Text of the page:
What’s in a Woo

To “woo” is a sentiment as old the ages. Originally used to describe chatting up the opposite gender, it appeared as a sharp play-on-words making fun of mispronouncing “woe” as “woo” in Romeo and Juliet. Somewhere along the lines of history, “woo” has become a celebration, and appears in diverse settings in popular culture. From Blur to Homer Simpson to How I Met Your Mother, the “Woo” has become a cultural zeitgeist and is almost synonymous with excited white girls in their twenties. On WooBoard, the word “Woo” symbolises thanks or praise or the celebration of a win. When you send a Woo you are publicly recognizing one of your colleagues for their efforts.

It all starts with people feeling valued

We all want to be recognised for doing a good job, it’s a fundamental to being human. When we receive praise for our efforts, it reinforces the fact that other people care about us and our contribution to the team. This makes us feel good about ourselves, as well as those around us. When authentic praise is exchanged consistently between employees it builds a positive and enjoyable team environment, and engages and motivates your employees to be more productive in the workplace.

The Cost of Doing Nothing about Employee Engagement

You can do nothing about engagement. This can seem like a minor cost saving on the bottom line. However, choosing to avoid the simple implementation cost of an employee engagement program can cause the costs in employee turnover rates to blowout. The first six months in a new employee’s time is crucial, with 90% of newly recruited employees making the decision whether to stay in an organisation within this period. According to the Gallup report, only 24% of employees in Australian workplaces are engaged, whilst 16% are actively disengaged. This costs the Australian economy $54.8 billion annually.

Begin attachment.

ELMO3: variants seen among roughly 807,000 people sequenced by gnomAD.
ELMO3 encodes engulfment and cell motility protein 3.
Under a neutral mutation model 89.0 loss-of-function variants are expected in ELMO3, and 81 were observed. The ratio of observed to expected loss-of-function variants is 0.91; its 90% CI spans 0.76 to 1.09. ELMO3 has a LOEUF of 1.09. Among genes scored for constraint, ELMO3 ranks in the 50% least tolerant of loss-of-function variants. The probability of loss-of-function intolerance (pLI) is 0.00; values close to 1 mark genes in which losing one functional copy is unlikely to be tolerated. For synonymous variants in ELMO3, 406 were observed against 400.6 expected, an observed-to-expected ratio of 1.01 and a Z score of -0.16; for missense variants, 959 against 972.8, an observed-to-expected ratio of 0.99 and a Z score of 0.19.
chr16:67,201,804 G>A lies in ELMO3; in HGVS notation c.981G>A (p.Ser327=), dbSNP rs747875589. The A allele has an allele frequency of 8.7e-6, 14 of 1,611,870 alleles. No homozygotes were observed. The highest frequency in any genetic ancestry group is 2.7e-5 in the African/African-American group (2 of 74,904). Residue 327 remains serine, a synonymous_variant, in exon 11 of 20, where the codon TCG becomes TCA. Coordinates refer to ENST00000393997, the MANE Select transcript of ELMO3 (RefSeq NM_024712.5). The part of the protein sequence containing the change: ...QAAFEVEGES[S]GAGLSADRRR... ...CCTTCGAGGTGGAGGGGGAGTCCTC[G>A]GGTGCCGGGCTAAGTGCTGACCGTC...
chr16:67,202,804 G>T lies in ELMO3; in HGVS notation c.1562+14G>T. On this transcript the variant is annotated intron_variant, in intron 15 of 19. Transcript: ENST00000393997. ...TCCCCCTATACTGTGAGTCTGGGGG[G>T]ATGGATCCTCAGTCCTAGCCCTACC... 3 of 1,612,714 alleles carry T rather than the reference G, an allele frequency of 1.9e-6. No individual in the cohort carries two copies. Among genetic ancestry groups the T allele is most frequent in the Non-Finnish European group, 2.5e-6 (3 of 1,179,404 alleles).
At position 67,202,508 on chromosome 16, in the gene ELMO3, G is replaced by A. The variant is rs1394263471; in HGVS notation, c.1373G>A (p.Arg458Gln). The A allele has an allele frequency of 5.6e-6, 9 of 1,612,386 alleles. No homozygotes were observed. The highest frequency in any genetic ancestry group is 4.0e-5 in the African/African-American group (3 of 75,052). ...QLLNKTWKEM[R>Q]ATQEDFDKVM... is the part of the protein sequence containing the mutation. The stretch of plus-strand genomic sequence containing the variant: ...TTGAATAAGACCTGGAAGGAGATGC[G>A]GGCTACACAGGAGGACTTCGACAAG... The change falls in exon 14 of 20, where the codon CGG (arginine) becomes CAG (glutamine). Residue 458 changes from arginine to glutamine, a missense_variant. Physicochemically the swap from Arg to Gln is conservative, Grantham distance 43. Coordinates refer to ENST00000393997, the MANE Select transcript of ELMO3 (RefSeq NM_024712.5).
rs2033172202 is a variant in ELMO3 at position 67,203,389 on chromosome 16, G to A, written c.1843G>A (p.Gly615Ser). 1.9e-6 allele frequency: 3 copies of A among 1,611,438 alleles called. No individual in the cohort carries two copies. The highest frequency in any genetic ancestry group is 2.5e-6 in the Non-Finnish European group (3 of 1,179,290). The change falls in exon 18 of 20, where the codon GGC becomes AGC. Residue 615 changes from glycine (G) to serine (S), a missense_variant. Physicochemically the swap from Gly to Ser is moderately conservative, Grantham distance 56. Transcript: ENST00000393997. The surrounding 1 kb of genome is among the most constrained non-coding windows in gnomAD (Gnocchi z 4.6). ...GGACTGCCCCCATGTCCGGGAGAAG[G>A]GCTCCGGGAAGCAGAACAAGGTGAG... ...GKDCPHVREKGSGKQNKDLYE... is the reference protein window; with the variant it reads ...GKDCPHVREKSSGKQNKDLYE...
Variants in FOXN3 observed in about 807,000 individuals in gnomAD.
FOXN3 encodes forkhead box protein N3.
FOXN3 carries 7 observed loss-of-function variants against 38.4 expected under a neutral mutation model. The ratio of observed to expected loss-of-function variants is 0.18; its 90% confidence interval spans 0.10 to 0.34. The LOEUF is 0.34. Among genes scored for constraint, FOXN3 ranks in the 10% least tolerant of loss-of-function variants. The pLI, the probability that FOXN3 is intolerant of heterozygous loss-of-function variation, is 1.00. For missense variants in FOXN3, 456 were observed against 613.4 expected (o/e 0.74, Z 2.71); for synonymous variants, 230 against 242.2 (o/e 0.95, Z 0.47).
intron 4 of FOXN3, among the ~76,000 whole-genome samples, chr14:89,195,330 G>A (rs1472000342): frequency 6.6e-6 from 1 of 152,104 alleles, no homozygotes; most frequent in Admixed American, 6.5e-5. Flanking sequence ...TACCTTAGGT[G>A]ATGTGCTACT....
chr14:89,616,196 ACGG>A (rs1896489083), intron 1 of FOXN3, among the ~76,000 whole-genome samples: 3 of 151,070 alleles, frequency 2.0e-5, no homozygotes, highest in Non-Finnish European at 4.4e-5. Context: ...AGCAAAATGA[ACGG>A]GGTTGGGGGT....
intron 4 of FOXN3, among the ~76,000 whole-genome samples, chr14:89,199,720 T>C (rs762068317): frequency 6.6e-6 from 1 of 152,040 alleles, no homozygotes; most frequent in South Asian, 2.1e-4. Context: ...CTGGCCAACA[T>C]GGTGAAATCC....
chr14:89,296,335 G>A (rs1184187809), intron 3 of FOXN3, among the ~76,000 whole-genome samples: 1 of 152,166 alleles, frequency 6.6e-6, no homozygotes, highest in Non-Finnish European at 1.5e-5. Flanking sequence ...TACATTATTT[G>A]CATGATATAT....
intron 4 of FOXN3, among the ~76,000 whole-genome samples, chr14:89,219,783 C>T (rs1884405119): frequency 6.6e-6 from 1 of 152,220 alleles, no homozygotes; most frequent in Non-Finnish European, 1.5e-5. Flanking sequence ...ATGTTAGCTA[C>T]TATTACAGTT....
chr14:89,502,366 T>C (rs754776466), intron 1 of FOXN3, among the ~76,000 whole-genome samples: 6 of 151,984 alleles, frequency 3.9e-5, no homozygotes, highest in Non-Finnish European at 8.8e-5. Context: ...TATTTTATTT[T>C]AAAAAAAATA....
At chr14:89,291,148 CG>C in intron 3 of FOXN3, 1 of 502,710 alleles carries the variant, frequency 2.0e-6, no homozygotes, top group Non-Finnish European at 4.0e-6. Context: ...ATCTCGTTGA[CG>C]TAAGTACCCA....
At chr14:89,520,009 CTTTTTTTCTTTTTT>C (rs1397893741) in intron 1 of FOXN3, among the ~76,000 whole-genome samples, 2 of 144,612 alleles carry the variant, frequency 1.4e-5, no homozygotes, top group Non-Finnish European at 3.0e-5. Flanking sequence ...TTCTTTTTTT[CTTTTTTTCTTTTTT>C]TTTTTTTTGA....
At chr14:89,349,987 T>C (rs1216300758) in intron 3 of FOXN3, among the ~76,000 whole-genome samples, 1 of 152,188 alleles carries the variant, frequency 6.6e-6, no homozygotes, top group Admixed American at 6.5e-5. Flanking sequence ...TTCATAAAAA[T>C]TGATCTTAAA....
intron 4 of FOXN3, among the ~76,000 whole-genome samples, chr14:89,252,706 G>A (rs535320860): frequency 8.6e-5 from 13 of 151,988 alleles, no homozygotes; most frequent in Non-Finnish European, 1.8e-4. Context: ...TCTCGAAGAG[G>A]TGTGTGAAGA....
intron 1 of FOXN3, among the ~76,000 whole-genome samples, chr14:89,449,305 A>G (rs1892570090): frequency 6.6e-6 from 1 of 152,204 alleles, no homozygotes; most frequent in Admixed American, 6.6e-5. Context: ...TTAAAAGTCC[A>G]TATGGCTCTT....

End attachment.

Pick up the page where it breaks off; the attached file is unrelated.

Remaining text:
The Simple Answer is in Company Culture

Your internal brand, and how you implement it, is key in recruiting and retaining effective employees. Bersin found that companies with effective recognition programs had 31% lower voluntary turnover, and that engaged employees are 87% less likely to leave their jobs. Conversely, 55% of employees stated they would leave their company to join a company with a strong culture of recognizing their staff.

Companies don’t give enough recognition

The majority of managers do not consistently recognize their employees when they do great work. And while 90% of business leaders think that a recognition strategy will improve business success, only 14% of organizations provide managers with the necessary tools for recognition. Additionally, 67% of employees rate recognition as the top motivator for performance.

How WooBoard can help

The recognition game is changing. WooBoard is an innovative solution built for today’s workforce. It’s a fun, simple and lightweight solution that drives meaningful recognition and increases engagement.

“Making engagement happen will be the single most important business challenge of the next decade and the focal point of the war for talent”

Aon Hewitt

Trends in Global Employee Engagement (2014)


Inclusive workplaces: how to make your business LGBTIQ friendly